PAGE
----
Jewish Geography as According to Aunt L

by Rhiannon McGavin

Of course I know. Ask me anything. My
home planet dangles off a branch beyond
the canopy. Crack it open and each
mouth swallows the word for sky and heaven
both. Call my name and half the women at
the party turn around. Turn the map facedown,
now it’s a tablecloth. Here is a park
bench where your grandfather once had stopped to
double-knot up his shoes. Here is someone’s
cousin spinning with spread arms, ruby juice
dry on her chin. You will find in some towns
dinner and an argument and people
sneezing with their full bodies. New Year’s cards
sent through this country of sudden noises,
like stones lining a garden path, like a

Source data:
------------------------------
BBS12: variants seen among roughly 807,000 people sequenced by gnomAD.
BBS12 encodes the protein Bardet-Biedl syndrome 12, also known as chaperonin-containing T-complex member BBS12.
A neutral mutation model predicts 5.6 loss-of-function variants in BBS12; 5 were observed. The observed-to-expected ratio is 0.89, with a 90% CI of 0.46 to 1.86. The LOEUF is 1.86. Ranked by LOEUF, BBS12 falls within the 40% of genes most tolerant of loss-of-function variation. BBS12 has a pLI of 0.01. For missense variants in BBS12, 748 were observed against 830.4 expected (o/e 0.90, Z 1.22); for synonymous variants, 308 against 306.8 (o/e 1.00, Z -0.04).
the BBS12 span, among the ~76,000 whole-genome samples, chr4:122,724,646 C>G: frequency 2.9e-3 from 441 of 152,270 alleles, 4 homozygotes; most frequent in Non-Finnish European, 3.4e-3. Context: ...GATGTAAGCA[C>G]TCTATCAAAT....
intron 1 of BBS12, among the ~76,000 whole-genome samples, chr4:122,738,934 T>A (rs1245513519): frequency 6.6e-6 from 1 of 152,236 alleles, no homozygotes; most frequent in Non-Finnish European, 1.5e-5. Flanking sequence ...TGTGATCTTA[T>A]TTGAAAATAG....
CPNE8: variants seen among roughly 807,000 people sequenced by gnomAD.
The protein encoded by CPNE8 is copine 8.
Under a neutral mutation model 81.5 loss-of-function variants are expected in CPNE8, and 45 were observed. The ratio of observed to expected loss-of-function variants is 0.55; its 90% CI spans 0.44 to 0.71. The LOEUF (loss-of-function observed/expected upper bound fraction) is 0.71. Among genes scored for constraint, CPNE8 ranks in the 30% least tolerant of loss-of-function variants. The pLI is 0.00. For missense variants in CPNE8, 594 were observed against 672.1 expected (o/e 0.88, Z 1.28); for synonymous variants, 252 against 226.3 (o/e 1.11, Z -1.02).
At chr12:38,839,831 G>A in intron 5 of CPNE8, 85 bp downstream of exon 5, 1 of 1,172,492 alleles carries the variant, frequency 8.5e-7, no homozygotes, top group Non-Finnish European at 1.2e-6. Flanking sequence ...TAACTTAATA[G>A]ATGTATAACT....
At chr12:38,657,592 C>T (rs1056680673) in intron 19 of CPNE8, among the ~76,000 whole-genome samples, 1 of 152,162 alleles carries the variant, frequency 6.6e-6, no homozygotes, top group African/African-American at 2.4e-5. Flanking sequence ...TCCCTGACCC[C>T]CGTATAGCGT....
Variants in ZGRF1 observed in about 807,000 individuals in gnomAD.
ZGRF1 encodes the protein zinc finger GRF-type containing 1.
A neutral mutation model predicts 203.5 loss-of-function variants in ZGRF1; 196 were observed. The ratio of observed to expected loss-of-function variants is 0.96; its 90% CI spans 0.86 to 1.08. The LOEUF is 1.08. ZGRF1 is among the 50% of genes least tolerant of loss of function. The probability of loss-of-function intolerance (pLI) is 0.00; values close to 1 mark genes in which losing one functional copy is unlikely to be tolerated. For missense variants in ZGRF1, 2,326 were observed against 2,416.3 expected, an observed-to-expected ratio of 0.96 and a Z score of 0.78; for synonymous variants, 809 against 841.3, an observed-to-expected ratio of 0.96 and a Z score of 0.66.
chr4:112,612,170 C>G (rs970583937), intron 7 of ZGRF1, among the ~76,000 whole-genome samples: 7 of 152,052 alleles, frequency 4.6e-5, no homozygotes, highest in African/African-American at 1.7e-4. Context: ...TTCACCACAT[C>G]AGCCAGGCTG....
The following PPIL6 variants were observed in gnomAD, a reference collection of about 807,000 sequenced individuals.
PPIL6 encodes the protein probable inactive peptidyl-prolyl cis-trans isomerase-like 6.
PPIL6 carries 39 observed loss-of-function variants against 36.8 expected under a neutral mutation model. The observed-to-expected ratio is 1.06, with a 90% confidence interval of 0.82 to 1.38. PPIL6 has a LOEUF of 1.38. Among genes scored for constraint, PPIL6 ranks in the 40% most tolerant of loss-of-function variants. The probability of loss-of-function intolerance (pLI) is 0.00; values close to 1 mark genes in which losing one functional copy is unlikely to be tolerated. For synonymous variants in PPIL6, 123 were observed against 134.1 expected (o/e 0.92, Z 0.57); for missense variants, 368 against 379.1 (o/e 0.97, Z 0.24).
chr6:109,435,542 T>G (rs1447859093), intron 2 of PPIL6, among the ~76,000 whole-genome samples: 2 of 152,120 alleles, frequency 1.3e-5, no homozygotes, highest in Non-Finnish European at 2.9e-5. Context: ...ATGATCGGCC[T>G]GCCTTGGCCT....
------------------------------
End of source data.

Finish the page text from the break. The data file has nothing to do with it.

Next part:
marble staircase worn down in the middle
until each step is a cupped hand also.
My home planet, you can fit in your pocket.
We move, we move, atoms rock back and forth
in place, in prayer, light after light becomes
honey on the skin, rose petals thick as ash, scattered
on a river. Where you touch, sweetness, wheels
of fire. The front door of the temple
laughs open. Next week, a wedding. Who’s dead?

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